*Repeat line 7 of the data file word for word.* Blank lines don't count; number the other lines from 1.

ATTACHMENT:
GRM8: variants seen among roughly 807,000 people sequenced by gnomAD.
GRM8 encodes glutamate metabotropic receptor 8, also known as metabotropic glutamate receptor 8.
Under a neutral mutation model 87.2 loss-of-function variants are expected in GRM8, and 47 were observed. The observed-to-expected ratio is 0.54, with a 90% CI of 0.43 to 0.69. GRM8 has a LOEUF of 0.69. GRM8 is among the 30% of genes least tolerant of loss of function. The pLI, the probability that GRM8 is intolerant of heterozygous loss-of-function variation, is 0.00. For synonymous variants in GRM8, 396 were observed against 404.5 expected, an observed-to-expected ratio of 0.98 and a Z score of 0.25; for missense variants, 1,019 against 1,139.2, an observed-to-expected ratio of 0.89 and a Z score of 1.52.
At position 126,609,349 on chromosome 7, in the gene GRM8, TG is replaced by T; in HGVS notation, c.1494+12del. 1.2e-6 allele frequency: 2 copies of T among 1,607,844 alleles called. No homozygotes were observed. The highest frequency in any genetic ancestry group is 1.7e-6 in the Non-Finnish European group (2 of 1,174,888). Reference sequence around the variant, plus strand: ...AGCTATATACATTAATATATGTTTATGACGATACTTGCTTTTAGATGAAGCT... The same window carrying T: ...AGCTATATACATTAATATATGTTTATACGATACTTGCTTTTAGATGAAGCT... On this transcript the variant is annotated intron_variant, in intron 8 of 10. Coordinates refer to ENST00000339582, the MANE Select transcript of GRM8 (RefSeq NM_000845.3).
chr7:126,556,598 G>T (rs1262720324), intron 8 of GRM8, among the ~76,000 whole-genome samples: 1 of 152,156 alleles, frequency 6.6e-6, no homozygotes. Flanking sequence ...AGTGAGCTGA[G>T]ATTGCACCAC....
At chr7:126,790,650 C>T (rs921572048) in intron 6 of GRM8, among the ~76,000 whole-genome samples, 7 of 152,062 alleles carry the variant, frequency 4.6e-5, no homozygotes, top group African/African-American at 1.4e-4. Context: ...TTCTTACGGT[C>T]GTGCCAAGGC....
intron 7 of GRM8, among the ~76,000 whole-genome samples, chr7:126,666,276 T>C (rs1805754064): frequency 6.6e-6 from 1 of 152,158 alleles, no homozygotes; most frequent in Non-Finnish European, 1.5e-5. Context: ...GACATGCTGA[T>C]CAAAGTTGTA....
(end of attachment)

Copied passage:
intron 7 of GRM8, among the ~76,000 whole-genome samples, chr7:126,666,276 T>C (rs1805754064): frequency 6.6e-6 from 1 of 152,158 alleles, no homozygotes; most frequent in Non-Finnish European, 1.5e-5. Context: ...GACATGCTGA[T>C]CAAAGTTGTA....